Of the many other accounts of ambiguity, Gillian Rodger’s chapter in the book contains a subtle assessment of two female cross-dressing (trouser role) impersonators on the nineteenth-century American variety stage, Ella Wesner and Annie Hindle, who were also life partners. While they subverted gender and sexual norms, their success stemmed from their comic musical performance, which affirmed their working class male audience’s view of middle-class men by portraying stereotypes of the latter. Audiences were generally ignorant of same-sex attracted male impersonators’ personal, sexual lives, and received their cross-dressing as a confirmation of conceptions about masculinity. Looking across the Pacific Ocean to China, Wang Qian also examines theatrical cross-dressing through the career of Li Yugang, who specializes in the nan dan (female impersonator) in Peking opera. At the end of his concerts, Li typically appears in his everyday male attire, drops his voice by an octave, and talks about what Wang calls his “mysterious ex-girlfriend.” Li has inspired over 3,000 online video clips of female impersonation in China, even as the online discourse strictly adheres to heterosexuality. All the above chapters tell us that we are prone to misrecognize multiple musical contexts if we are fixated on idealized hero narratives.
Aside from analyzing the ambiguity of musical politics, authors in the book theorize ambiguity as a condition of existence. Kirsten Zemke and Jared Mackley-Crump’s chapter examines the proliferation of terms—“fierceness,” “bitch,” “cunty”—that map out the evolving gender and sexual field of black gay American rappers such as Cakes da Killa, a field which contextualizes those terms in particular ways that intersects ambiguously with heteronormativity. Ellie Hisama examines the multivalent possibilities of walking through the huge panels that comprise Isaac Julien’s art installations such as True North (about the first successful expedition to the north pole in 1909), theorizing that this ambiguity is aligned with Julien’s disruption of masculine polar exploration through the casting of a black woman, Vanessa Myrie, in the role of Matthew Henson, Commander Robert Peary’s black companion who reached the north pole ahead of the Commander. My own chapter argues that the desire of gays can be queered so that it roams away from male bodies in Andrew Christian underwear music videos towards pleasurably aestheticized surfaces in Britney Spears’s music videos. By gesturing towards the real world and inner world complexity of music makers and listeners, we open a register for recognizing the power of difference while making room for the ambiguities that have perhaps always been a point of departure for queer theory.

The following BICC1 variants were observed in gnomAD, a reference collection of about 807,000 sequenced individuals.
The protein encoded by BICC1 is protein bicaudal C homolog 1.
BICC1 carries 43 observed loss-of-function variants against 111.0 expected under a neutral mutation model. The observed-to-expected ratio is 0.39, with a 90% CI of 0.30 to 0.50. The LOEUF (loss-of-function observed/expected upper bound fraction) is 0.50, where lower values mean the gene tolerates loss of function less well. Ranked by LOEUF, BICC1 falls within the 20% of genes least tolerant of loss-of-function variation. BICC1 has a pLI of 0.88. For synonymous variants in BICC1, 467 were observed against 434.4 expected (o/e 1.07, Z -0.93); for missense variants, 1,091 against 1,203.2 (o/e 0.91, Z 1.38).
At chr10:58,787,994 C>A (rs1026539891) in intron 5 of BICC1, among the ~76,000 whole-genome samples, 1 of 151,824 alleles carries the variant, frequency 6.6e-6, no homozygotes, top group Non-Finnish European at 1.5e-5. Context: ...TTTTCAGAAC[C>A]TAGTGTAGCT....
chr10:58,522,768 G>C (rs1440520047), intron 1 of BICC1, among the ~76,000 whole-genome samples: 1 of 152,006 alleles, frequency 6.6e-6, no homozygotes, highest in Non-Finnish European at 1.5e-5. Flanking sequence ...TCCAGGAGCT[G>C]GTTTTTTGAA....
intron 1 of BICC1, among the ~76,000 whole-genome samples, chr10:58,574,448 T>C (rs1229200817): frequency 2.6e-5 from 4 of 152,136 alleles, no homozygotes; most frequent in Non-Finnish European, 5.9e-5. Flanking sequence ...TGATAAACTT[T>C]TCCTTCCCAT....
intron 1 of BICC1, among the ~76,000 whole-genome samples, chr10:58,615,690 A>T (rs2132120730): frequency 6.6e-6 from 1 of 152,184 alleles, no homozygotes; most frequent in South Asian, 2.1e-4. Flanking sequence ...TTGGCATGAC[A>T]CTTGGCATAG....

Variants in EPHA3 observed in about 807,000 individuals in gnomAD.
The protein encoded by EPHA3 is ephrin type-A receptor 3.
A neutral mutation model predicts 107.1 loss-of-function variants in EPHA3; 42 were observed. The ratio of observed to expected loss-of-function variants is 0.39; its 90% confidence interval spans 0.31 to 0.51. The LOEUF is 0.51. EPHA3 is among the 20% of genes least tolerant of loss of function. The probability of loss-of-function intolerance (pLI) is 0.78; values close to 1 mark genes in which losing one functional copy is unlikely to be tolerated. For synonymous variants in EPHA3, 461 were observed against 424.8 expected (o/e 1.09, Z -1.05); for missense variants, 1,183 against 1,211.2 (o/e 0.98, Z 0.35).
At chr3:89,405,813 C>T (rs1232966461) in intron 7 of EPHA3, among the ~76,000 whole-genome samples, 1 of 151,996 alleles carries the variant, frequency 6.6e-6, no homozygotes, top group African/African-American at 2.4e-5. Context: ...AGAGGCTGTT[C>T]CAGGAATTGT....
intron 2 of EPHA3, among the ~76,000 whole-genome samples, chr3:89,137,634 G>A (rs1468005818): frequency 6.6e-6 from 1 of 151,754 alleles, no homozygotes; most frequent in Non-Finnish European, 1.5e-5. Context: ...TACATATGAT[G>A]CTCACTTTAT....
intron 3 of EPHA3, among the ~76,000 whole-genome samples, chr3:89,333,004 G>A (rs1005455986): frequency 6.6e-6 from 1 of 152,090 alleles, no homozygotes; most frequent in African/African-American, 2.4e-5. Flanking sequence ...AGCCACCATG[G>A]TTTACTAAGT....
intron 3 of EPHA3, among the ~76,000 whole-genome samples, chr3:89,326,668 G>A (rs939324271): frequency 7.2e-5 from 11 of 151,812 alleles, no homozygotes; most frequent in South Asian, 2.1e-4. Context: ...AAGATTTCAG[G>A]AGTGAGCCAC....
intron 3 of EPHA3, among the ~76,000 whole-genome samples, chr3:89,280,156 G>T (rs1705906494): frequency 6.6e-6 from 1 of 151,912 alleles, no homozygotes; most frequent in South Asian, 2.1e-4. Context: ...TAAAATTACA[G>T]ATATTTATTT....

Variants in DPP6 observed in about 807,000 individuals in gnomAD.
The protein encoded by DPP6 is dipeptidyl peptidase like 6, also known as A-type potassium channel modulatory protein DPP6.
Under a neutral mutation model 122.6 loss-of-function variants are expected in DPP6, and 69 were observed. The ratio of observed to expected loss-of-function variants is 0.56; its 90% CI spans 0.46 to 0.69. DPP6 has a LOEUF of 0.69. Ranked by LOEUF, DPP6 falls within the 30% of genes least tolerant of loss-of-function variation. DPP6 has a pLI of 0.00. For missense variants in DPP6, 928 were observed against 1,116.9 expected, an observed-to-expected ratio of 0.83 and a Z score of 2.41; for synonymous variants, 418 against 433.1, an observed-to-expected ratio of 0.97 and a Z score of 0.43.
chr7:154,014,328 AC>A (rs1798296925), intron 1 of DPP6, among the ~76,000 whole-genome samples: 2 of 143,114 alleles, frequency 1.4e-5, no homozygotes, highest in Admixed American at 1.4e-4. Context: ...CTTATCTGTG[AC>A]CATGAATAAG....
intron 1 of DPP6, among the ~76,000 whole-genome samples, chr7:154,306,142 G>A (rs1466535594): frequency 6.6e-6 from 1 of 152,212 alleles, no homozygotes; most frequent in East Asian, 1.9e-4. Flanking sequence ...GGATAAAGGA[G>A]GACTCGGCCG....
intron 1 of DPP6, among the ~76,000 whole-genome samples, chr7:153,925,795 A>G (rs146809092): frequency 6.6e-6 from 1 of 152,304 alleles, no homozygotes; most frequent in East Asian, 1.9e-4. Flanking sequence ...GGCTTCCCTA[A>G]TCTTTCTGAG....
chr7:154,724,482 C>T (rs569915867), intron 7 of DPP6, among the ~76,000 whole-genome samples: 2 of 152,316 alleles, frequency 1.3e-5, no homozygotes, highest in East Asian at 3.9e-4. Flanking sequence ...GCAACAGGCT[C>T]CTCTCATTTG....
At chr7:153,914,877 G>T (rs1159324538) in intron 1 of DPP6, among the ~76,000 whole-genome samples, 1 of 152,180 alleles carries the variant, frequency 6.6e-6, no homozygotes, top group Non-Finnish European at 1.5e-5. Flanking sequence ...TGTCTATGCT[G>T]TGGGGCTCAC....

<1>Routledge press page for the book: https://www.routledge.com/Rethinking-Difference-in-Gender-Sexuality-and-Popular-Music-Theory-and/Lee/p/book/9781138960053
Gavin Lee is Assistant Professor of Music at Soochow University. His research is anchored in queer, globalization, and Deleuzian theory.